Clarets and Christmas Dinner

Clarets pair well with most meats (venison, duck, pigeon, pheasant, guinea fowl, goose etc). They are superb with roast beef and roast lamb. We have selected a few of our Clarets that will pair beautifully with turkey. If turkey is on your Christmas table this year, why not try a selection from the list below and experience the delights of your meal with a Claret and turkey pairing? Enjoy!

Chateau Pradeau Mazeau 2015 – Gold Medal £7.99
Rich and smooth Left Bank style Claret with a beautiful palette of aromas. Fine tannins and good structure. Nice ripe flavours of blackcurrant, black cherry and plum with notes of oak, laurel, liquorice and leather. Fresh, very smooth in the mouth with a long lingering finish. Cellaring potential 2 – 5 years.

Chateau Chadeuil 2015 – Gold Medal £7.99
Classic Right Bank Claret and a customer favourite. Medium bodied, supple and smooth with well balanced tannins. Flavours of ripe blackberries, roasted coffee beans, spice and black cherry with a touch of vanilla.

Chateau Fougere La Noble 2015 – Gold Medal £8.99 (reduced from £10.99)
Vibrant, rich and juicy Claret with good structure and silky tannins. Right Bank in style with lovely layers, intense aromas and great depth. Flavours of blackberry compote, plum and liquorice with delicate notes of blueberry and baked cherry underlined by nuances of oak. Fresh, lively and very moreish in style

Chateau Pierrefitte 2014, Lalande de Pomerol £16.99
Beautifully rich Right Bank Claret from Lalande de Pomerol. This is the Second Wine of Chateau Perron and it smacks of class. Graceful, perfumed and complex with good tannic backbone. Layered flavours of ripe blackcurrant, black raspberry and black cherry with notes of truffle, sweet anise and oak. Lovely floral and fruity nose. Buy it whilst you can, this is bound to be extremely popular amongst Claret lovers!

Les Caleches de Lanessan 2010, Haut Medoc £18.99
Sumptuous Left Bank Claret. This is the Second Wine of Chateau Lanessan and its quality really stands out. Full bodied, juicy and smooth. Lush flavours of ripe blackberry, damson and juicy blackcurrant with warm notes of oak, cedar and vanilla. Lovely faint hint of rose petals on the nose. Great length and richness. Cellaring potential 6 years.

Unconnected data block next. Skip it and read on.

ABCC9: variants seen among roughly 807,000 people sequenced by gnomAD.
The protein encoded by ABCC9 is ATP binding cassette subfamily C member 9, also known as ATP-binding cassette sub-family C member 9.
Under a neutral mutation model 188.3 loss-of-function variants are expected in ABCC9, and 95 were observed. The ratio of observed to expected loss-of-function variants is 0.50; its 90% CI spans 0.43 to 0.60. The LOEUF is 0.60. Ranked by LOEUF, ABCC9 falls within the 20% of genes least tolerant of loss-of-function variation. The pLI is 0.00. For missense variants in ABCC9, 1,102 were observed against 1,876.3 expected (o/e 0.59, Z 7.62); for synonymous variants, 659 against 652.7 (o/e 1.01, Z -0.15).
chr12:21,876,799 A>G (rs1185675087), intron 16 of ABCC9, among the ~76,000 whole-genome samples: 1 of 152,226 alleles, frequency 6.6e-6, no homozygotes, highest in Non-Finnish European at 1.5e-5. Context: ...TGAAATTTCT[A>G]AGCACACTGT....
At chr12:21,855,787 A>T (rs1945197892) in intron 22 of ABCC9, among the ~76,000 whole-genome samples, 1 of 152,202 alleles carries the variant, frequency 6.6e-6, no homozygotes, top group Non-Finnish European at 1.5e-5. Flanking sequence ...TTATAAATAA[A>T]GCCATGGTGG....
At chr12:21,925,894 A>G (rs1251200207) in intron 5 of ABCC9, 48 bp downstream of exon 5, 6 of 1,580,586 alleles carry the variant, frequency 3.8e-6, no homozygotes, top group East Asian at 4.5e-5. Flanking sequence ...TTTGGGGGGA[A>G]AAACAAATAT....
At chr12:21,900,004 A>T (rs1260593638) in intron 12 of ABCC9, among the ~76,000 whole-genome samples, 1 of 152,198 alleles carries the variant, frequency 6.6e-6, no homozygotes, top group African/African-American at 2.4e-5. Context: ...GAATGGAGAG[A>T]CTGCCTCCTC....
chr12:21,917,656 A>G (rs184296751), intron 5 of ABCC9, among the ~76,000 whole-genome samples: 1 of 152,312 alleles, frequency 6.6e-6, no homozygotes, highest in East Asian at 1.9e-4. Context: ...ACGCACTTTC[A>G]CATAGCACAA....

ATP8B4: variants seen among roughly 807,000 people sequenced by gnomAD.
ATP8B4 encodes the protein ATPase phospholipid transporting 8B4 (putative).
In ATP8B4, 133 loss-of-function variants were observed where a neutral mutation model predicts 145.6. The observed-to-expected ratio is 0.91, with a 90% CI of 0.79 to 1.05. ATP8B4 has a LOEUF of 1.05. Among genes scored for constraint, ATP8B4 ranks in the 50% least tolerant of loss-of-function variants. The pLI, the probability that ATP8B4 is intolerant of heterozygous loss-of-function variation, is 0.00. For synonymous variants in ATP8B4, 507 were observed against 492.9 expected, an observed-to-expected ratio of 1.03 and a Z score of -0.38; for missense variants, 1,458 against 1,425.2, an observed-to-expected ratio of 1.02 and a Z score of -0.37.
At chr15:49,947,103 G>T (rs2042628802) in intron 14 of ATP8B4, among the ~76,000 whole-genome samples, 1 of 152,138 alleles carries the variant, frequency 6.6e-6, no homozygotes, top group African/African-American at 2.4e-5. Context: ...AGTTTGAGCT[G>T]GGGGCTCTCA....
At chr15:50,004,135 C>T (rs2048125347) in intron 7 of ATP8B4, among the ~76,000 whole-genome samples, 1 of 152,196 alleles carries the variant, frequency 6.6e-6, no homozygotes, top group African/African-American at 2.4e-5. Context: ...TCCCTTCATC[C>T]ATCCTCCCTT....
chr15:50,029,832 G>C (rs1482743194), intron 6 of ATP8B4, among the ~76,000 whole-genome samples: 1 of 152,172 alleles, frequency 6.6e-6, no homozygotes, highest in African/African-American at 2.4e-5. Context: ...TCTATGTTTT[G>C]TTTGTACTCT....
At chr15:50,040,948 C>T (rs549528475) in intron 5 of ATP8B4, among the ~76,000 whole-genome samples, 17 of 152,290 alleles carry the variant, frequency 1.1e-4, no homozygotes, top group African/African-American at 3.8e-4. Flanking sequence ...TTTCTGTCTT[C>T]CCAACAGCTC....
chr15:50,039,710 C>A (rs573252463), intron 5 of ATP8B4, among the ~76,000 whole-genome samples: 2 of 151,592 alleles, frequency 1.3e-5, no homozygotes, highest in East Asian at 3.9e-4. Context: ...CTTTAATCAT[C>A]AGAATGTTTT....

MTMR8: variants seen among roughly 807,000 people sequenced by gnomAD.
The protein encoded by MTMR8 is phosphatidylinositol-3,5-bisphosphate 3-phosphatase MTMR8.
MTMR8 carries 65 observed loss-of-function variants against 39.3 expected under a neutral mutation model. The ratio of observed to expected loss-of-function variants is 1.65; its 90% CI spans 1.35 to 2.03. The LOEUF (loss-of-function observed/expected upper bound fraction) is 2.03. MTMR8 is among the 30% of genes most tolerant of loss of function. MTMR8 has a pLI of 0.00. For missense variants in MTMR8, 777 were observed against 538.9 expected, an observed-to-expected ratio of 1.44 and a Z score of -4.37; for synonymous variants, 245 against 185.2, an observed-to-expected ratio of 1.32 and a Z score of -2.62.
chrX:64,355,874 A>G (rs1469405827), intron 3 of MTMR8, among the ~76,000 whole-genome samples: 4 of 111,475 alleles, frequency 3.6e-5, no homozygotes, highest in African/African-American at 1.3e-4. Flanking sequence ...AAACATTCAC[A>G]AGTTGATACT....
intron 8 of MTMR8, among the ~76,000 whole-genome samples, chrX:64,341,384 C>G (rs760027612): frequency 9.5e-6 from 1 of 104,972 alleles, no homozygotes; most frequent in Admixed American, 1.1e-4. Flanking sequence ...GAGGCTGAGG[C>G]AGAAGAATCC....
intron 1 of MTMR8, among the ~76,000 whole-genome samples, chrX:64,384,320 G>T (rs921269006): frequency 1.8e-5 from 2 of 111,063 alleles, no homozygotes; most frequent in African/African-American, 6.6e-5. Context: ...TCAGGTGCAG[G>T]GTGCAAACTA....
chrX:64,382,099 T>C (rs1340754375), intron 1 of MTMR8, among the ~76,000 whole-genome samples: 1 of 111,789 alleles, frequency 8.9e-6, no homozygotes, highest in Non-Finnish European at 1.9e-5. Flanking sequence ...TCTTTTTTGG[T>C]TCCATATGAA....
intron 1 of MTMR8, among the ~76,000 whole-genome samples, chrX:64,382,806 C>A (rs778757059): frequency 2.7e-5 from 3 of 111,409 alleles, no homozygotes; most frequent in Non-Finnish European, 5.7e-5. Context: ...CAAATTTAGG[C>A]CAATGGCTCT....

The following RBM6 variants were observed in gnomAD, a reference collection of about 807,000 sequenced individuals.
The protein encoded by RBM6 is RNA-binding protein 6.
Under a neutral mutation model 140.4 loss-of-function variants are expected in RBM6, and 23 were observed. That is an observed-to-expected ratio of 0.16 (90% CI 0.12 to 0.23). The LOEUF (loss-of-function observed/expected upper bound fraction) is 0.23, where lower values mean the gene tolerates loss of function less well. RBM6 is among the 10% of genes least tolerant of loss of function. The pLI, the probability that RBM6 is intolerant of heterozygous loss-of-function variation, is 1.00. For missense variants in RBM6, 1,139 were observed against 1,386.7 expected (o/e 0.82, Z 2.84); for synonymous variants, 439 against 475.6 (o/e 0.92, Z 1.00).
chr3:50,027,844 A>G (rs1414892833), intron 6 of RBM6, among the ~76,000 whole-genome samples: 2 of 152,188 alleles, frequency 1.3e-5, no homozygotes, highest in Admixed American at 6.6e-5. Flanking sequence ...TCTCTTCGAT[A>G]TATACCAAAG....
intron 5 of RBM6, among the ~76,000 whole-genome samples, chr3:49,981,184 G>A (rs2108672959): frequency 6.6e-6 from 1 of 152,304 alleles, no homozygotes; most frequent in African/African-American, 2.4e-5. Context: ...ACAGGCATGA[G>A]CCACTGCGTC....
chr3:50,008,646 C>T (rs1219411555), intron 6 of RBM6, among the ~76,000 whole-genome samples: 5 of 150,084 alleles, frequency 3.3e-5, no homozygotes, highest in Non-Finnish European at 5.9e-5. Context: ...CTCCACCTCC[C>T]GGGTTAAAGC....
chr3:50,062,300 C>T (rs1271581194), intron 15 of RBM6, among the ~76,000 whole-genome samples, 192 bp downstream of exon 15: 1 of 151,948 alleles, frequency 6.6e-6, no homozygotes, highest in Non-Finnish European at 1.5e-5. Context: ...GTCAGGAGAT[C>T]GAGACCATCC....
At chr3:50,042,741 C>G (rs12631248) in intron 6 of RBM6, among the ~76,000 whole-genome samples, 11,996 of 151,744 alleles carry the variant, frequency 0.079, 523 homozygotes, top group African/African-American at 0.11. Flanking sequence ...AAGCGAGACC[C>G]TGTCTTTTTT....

Saint Julien 2006 – Saint Julien £19.50
A Declassified Bordeaux from top a flight, prestigious Left Bank Grand Cru Classe Chateau. Anonymously made (we must keep the secret) and truly superb; this wine has the same pedigree and provenance of the chateau’s Grand Vin but is a fraction of the price. Sophisticated, smooth and brooding, ‘Saint Julien’ has exceptional structure. Cabernet Sauvignon dominates the blend and brings flavours of black cherry to the fore; followed by cassis and blackberry with smoky hints of dark chocolate, forest floor and spice. Undertones of tobacco and toast. The finish is elegant and long. Cellaring potential 12 years.

Chateau Soussans 2011 – Margaux £20.49
A great representative of the Margaux appellation. Supple and seductive Left Bank Claret with luscious flavours of blackberry liqueur, blueberry and mulberry. Notes of truffle, graphite and violets. Plush, perfumed and lively. Cellaring potential 15 years.

Pauillac 2011 – Pauillac £23.99
A Declassified Bordeaux from top a flight, prestigious Left Bank Grand Cru Classe Chateau. Anonymously made (we must keep the secret) and truly superb; this wine has the same pedigree and provenance of the chateau’s Grand Vin but is a fraction of the price. Sophisticated and subtle with deep flavours of cassis (blackcurrant liqueur), black cherry and ripe raspberry. Notes of cedar, liquorice and spice. Complex, well layered and satiny smooth

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What is Sauternes?

Sauternes is white and it’s sweet . . . and it only comes from Bordeaux. It’s famous, classic and pretty much timeless. It’s one of the most sought after wines in the world and yet nobody seems to know about it . . . unless you are a wine boffin or belong to an older generation.

Nectar of the gods
  • It’s famous, and has been for centuries. Sauternes’ highly prized wines are often called ‘Liquid Gold’ and ‘Nectar of the Gods’. Once tasted, you’ll understand why.

  • It’s classic as Sauternes has been drunk as a dessert wine or after dinner drink by discerning royalty and nobility the world over. Think Port, but ‘white’. However unlike Port, Sauternes isn’t fortified. It’s pure, unadulterated genius in a glass.

  • It’s timeless because this is a long lived wine. A rare few can age in bottle for 100+ years and some of the oldest surviving bottles are said to date back to 1784. A few years back an 1811 Premier Cru Sauternes, Chateau d’Yquem, sold for £75,000.
Sauternes pairs with seafood, creamy dishes, fruit, nuts, cheese, desserts and pates

Total these all up and you are starting to get the picture. Add in the exquisite flavour, the heavenly aromas and lingering finish and you’ll see why Sauternes is so special.

What does it taste like?

Sweetness doesn’t have to mean cloying, sticky or syrupy. Sauternes is so amazingly balanced that with the sweet you get the sour. In the case of these wines ‘the sour’ is a mouthwatering zesty acidity that cuts through its honeyed tones.